For the past several years, Ukraine has pursued comprehensive health reform, aiming to improve health the outcomes of its citizens, increase the health system’s efficiency, and provide financial protection from high out-of-pocket payments. This reform included massive changes in health financing, decentralization, rationalization of institutional and government roles, procurement reform, changes to pharmaceutical management, and increased opportunities for private sector engagement in the health system.
A facet of this effort has been the development of telemedicine to strengthen transparency and efficiency in the health sector, reduce opportunities for corruption, and expand access to quality health services. Telemedicine has become a critical tool to maintain Ukrainians’ access to health care since the Russian full-scale invasion in February 2022.
LHSS works with the USAID mission in Kyiv and the Government of Ukraine (GOU) to establish the foundation for institutional arrangements and capacity to govern and ensure telemedicine is safely and sustainably offered to the population. The project also works with the Ministry of Health to rapidly deploy telemedicine solutions to ensure Ukrainians’ uninterrupted access to health services.
LHSS is working closely with government stakeholders and local partners to achieve the following objectives:
- Strengthen telemedicine governance, policies, and financing by generating knowledge of telemedicine in Ukraine to inform the GOU’s decision-making, supporting the creation and implementing of a shared national vision for telemedicine development, and defining financing and purchasing arrangements.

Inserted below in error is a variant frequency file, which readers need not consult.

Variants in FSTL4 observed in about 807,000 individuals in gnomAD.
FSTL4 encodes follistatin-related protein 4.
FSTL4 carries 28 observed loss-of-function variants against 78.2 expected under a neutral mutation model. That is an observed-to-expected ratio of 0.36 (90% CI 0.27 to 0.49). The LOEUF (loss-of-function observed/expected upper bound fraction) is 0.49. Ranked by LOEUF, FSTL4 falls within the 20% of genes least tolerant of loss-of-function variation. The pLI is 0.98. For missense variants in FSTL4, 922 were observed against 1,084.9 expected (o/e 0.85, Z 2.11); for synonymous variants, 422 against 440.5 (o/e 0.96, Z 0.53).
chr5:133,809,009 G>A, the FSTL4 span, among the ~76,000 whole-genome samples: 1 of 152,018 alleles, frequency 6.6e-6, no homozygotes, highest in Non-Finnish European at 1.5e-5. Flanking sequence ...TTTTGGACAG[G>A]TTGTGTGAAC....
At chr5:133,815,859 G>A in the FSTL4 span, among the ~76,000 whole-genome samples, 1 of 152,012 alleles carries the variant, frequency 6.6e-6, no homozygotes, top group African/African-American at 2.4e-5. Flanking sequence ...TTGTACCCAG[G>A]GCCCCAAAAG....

- Advance equitable and sustainable access to health services by accelerating access to telemedicine among vulnerable groups, identifying synergies with local private sector entities to expand telemedicine reach, and designing an enabling environment for telemedicine systems to be interoperable with the eHealth system.
- Strengthen the GOU’s capacity for managing offers to use private sector telemedicine solutions during wartime and rapidly implement these solutions to meet Ukrainians’ urgent health needs.
- LHSS, in coordination with the eHealth state-owned enterprise, helped the MOH create a standardized approach, approved by the MOH in July 2022, to evaluate offers of telemedicine solutions so that all accepted donations would integrate well into Ukraine’s health system.
- LHSS strengthened the MOH’s capacity to partner with the private sector, resulting in successfully leveraging telemedicine solutions and equipment donated by private companies valued at $3.5 million.
- Recognizing the fragmented nature of telemedicine governance, LHSS worked closely alongside the MOH to create and facilitate the country’s first interagency working group focused on expanding access to telemedicine. Convening private and public sector stakeholders, the group created a strategy and operations plan that provide a shared vision, principles, and direction for telemedicine development in Ukraine.
With LHSS support, the MOH introduced a draft law that provides a legal foundation for the broader use of telemedicine services in medical care and rehabilitation. The draft was approved by the Government of Ukraine in July 2023 and later signed into law in September 2023. Vox Ukraine, an independent analytical platform focused on economics, governance, and social developments in the country, recognized the law as reformative in November 2023.
- Since the inception of the activity in FY22 to date, LHSS has engaged a total of 324 facilities. In sum, these facilities have provided 6,098 services to patients using telemedicine solutions donated to Ukraine as humanitarian aid and supported by LHSS as requested by the MOH. To ensure high-quality service provision and appropriate utilization of telemedicine solutions, LHSS trained 564 service providers and conducted 756 technical support sessions
- Implementation of the tele-health Rehabilitation Gaming System (RGS), developed by Eodyne, which allows doctors to create individual rehabilitation plans for patients who, due to conflict and hostilities, may have limited access to traditional health care.